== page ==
10. This is actually an interesting application of "Goodwin's Law." More or less, the point is that once a conversation has descended to the level of invoking the Nazis, the first person to bring it up automatically loses the argument. So, the silver lining in all of this? We Win! That is, if they play by rules including Goodwin's Law .
  11. I have to say that, on my first read-through of Atlas Shrugged, I did think Dagny was a blond, but that may have just been wishful thinking on my part, and was, I as I later discovered, incorrect. But, as for Rand's heroes, I never really thought of them as very handsome, in particular Hank Rearden gives me the impression of someone who looks like Abraham Lincoln when he first took the presidency. Of course we know the veiled threat in the Aryan comment, that we are no better than Nazis. I guess if you take the most "charitable" impressions of them in B-movies, the cool calculating super-scientists, I can see how someone could make a similar caricature of an Objectivist. But the actual historical Nazis, National Socialists submitting their will to a government, group, and race, could reasonably be described as the absolute opposite of an Objectivist. Indeed one of the key strengths of Rand's philosophy is that it applies to all people at all times, regardless of race or gender or any of the other holy grails of liberal politics. All that matters is the ability to reason, which I am sure that every member of Homo Sapiens can do, and everything follows from that.
  12. Although it is tempting to save "the best" people, either the smartest or the most attractive, but this is a survival situation, and you need to select people for that first. I would be looking for people from ages 18-40, hopefully as many as possible that are happily married, that are healthy, emotionally stable, industrious, and adaptable. 1. Healthy: Obviously you want people who will last without the benefits of modern medicine, for the first generation will be the foundation for all the rest. The longer these people can last, the more of their practical knowledge can be preserved and passed down. This would also include the subcategory of "Fertile" for obvious reasons. 2. Emotionally Stable: I cannot think of a more stressful situation than starting society again from literally nothing. If anyone gives up or breaks, that would be just as good as death on a New World. 3. Industrious: Everyone has to be willing to work amazingly hard to even survive, this includes the sub-categories of entrepreneurship and sheer stamina. 4. Adaptable: I suppose that intelligence is the major subcategory here, but inventiveness and the ability to come up with new solutions to new problems. From these characteristics you then can start choosing people that have particular skills and knowledge that would be useful, and yes, the most smart and beautiful too.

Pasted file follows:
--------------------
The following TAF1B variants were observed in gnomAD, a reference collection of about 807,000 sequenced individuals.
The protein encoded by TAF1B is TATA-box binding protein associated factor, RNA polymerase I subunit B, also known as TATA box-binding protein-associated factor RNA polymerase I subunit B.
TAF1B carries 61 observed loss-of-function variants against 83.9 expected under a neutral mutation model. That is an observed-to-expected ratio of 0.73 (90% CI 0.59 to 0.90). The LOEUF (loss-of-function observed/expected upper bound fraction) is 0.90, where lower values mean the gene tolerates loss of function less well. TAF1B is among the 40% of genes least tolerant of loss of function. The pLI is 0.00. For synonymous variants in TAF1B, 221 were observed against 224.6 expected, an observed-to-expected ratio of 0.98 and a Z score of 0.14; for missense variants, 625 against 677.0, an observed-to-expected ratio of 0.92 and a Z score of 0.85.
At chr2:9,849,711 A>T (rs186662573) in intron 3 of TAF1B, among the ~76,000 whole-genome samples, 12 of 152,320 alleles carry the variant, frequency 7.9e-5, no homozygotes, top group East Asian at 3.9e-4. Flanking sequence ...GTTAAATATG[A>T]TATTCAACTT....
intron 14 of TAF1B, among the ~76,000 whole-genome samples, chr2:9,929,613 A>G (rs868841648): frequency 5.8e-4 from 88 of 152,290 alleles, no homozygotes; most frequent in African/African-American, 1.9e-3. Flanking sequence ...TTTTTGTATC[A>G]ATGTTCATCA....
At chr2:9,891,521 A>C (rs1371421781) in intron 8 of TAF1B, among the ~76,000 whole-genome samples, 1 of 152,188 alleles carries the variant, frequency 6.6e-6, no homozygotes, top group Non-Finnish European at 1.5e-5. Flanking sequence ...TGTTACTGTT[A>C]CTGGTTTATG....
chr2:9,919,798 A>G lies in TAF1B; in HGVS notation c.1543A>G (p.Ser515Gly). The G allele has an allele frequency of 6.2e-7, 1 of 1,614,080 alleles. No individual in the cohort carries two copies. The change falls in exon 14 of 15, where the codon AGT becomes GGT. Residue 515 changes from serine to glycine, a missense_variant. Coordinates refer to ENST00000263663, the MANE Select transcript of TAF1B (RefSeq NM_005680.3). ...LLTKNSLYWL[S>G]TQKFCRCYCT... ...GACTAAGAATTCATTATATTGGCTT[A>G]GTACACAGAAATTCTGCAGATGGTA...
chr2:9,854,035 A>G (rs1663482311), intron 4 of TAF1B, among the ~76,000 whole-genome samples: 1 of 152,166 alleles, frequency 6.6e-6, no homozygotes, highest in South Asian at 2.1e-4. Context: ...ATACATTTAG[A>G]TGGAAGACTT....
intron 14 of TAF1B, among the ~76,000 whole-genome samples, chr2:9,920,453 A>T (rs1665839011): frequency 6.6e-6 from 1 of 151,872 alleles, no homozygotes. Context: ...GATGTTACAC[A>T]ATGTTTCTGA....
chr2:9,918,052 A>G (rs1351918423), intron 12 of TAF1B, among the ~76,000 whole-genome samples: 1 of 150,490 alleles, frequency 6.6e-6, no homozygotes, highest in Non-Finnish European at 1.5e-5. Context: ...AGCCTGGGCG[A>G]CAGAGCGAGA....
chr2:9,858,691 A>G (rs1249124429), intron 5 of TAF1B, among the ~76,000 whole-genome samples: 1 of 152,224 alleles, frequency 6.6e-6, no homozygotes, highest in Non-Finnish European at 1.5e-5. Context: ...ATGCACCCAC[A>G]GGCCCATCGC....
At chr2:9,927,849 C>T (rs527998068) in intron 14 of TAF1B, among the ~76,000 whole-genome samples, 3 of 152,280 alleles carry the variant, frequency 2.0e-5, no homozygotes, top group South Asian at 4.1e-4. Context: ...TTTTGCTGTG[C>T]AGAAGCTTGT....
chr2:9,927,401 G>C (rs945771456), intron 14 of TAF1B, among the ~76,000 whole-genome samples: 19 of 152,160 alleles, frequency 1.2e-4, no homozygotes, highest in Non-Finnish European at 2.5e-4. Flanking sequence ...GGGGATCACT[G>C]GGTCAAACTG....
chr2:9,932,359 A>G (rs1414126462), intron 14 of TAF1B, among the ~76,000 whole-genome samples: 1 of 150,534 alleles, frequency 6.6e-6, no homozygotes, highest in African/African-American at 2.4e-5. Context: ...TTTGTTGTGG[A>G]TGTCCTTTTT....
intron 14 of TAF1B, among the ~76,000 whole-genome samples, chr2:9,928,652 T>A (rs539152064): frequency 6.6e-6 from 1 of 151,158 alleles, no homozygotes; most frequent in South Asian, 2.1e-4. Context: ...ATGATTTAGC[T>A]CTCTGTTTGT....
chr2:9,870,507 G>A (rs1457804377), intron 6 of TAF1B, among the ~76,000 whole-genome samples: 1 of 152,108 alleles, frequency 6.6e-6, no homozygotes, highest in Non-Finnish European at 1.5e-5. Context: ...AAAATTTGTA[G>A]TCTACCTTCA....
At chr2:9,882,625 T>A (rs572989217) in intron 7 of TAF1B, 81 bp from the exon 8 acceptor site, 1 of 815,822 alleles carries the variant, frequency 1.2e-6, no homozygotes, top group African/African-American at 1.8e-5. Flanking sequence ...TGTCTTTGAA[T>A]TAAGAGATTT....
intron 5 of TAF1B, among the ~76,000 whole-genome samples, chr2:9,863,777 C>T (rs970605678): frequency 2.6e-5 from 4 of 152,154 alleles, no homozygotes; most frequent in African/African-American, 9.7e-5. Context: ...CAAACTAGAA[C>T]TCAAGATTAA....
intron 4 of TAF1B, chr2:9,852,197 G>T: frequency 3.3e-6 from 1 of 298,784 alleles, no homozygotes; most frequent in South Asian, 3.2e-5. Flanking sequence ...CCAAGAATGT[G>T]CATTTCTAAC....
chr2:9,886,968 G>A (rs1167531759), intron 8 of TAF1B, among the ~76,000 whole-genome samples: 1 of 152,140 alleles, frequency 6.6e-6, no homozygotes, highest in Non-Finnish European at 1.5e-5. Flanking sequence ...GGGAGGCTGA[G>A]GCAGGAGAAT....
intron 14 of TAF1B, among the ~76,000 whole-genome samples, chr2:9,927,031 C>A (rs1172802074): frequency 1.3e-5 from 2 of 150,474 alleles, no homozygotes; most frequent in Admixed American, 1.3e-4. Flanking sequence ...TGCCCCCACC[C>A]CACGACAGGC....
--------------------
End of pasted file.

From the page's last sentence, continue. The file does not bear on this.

13. Just Signed Up, And Frankly I'm Excited to actually play with fellow O'ists. From my experiences with other MMOs, namely WoW, having rational, free-market oriented people is clearly the best way to victory, even if those people wouldn't at first describe themselves that way. Those for "the greater good" fellows are pure cancers, fellows who generally hate themselves, and strangely, generally hate the game too. Hopefully we can get something good going. See ya in Norway!
  14. Big Fish has to be one of the worst for me, specially when he "saves the town."
  15. Dead Fish?! Its a Dead Sea Kitten, get it right http://www.peta.org/sea_kittens/